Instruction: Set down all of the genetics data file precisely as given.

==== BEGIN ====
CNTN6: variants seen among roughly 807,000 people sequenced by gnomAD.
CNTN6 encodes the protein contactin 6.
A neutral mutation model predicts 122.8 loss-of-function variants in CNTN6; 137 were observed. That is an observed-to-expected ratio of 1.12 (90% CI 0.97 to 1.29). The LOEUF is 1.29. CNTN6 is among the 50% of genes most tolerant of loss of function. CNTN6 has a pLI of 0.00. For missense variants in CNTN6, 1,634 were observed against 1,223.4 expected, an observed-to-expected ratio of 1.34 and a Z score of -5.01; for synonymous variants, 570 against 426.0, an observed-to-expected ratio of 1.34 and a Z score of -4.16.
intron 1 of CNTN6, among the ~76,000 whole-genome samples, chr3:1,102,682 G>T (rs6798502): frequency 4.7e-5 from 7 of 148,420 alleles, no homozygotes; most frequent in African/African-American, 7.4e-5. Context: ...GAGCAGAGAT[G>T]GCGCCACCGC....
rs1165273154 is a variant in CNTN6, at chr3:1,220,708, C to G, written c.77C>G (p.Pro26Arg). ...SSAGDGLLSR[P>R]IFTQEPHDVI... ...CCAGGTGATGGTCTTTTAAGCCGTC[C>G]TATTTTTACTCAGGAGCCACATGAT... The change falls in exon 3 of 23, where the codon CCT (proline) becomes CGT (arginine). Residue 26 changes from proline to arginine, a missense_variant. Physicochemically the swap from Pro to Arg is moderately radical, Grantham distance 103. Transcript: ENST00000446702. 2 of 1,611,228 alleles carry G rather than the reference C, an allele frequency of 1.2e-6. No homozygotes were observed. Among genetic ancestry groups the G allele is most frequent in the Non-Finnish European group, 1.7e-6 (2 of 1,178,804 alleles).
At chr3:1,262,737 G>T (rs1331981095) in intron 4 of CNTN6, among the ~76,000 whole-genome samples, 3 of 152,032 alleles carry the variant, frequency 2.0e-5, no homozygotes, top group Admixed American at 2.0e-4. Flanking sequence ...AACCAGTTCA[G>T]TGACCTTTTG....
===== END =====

CNTN6: variants seen among roughly 807,000 people sequenced by gnomAD.
CNTN6 encodes the protein contactin 6.
A neutral mutation model predicts 122.8 loss-of-function variants in CNTN6; 137 were observed. That is an observed-to-expected ratio of 1.12 (90% CI 0.97 to 1.29). The LOEUF is 1.29. CNTN6 is among the 50% of genes most tolerant of loss of function. CNTN6 has a pLI of 0.00. For missense variants in CNTN6, 1,634 were observed against 1,223.4 expected, an observed-to-expected ratio of 1.34 and a Z score of -5.01; for synonymous variants, 570 against 426.0, an observed-to-expected ratio of 1.34 and a Z score of -4.16.
intron 1 of CNTN6, among the ~76,000 whole-genome samples, chr3:1,102,682 G>T (rs6798502): frequency 4.7e-5 from 7 of 148,420 alleles, no homozygotes; most frequent in African/African-American, 7.4e-5. Context: ...GAGCAGAGAT[G>T]GCGCCACCGC....
rs1165273154 is a variant in CNTN6, at chr3:1,220,708, C to G, written c.77C>G (p.Pro26Arg). ...SSAGDGLLSR[P>R]IFTQEPHDVI... ...CCAGGTGATGGTCTTTTAAGCCGTC[C>G]TATTTTTACTCAGGAGCCACATGAT... The change falls in exon 3 of 23, where the codon CCT (proline) becomes CGT (arginine). Residue 26 changes from proline to arginine, a missense_variant. Physicochemically the swap from Pro to Arg is moderately radical, Grantham distance 103. Transcript: ENST00000446702. 2 of 1,611,228 alleles carry G rather than the reference C, an allele frequency of 1.2e-6. No homozygotes were observed. Among genetic ancestry groups the G allele is most frequent in the Non-Finnish European group, 1.7e-6 (2 of 1,178,804 alleles).
At chr3:1,262,737 G>T (rs1331981095) in intron 4 of CNTN6, among the ~76,000 whole-genome samples, 3 of 152,032 alleles carry the variant, frequency 2.0e-5, no homozygotes, top group Admixed American at 2.0e-4. Flanking sequence ...AACCAGTTCA[G>T]TGACCTTTTG....